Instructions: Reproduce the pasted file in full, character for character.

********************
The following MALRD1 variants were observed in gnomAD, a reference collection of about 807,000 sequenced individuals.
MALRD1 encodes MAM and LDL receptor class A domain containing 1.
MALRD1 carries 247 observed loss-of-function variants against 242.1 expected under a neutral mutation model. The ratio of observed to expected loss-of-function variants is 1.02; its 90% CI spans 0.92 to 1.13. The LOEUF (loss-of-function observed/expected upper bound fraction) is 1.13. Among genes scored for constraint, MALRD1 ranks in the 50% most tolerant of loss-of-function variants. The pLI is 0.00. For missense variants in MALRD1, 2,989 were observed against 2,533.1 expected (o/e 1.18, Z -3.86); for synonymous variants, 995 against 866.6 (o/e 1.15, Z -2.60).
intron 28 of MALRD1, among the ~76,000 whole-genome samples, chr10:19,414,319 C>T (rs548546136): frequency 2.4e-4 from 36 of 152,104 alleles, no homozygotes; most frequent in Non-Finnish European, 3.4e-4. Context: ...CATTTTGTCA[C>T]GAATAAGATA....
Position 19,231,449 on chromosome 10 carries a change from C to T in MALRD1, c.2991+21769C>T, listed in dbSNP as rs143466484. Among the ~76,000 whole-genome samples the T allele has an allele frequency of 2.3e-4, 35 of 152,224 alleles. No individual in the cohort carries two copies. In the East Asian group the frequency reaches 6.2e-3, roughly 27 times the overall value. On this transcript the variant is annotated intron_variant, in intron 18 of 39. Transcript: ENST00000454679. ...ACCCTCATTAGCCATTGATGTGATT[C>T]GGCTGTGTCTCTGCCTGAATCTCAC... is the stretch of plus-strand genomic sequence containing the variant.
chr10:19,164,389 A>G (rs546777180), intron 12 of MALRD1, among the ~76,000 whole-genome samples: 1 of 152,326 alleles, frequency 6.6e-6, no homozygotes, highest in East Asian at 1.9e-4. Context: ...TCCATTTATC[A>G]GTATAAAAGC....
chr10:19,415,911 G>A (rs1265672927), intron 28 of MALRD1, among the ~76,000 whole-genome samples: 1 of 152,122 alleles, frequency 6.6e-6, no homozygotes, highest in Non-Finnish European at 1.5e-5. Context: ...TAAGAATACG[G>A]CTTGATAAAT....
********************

The following MALRD1 variants were observed in gnomAD, a reference collection of about 807,000 sequenced individuals.
MALRD1 encodes MAM and LDL receptor class A domain containing 1.
MALRD1 carries 247 observed loss-of-function variants against 242.1 expected under a neutral mutation model. The ratio of observed to expected loss-of-function variants is 1.02; its 90% CI spans 0.92 to 1.13. The LOEUF (loss-of-function observed/expected upper bound fraction) is 1.13. Among genes scored for constraint, MALRD1 ranks in the 50% most tolerant of loss-of-function variants. The pLI is 0.00. For missense variants in MALRD1, 2,989 were observed against 2,533.1 expected (o/e 1.18, Z -3.86); for synonymous variants, 995 against 866.6 (o/e 1.15, Z -2.60).
intron 28 of MALRD1, among the ~76,000 whole-genome samples, chr10:19,414,319 C>T (rs548546136): frequency 2.4e-4 from 36 of 152,104 alleles, no homozygotes; most frequent in Non-Finnish European, 3.4e-4. Context: ...CATTTTGTCA[C>T]GAATAAGATA....
Position 19,231,449 on chromosome 10 carries a change from C to T in MALRD1, c.2991+21769C>T, listed in dbSNP as rs143466484. Among the ~76,000 whole-genome samples the T allele has an allele frequency of 2.3e-4, 35 of 152,224 alleles. No individual in the cohort carries two copies. In the East Asian group the frequency reaches 6.2e-3, roughly 27 times the overall value. On this transcript the variant is annotated intron_variant, in intron 18 of 39. Transcript: ENST00000454679. ...ACCCTCATTAGCCATTGATGTGATT[C>T]GGCTGTGTCTCTGCCTGAATCTCAC... is the stretch of plus-strand genomic sequence containing the variant.
chr10:19,164,389 A>G (rs546777180), intron 12 of MALRD1, among the ~76,000 whole-genome samples: 1 of 152,326 alleles, frequency 6.6e-6, no homozygotes, highest in East Asian at 1.9e-4. Context: ...TCCATTTATC[A>G]GTATAAAAGC....
chr10:19,415,911 G>A (rs1265672927), intron 28 of MALRD1, among the ~76,000 whole-genome samples: 1 of 152,122 alleles, frequency 6.6e-6, no homozygotes, highest in Non-Finnish European at 1.5e-5. Context: ...TAAGAATACG[G>A]CTTGATAAAT....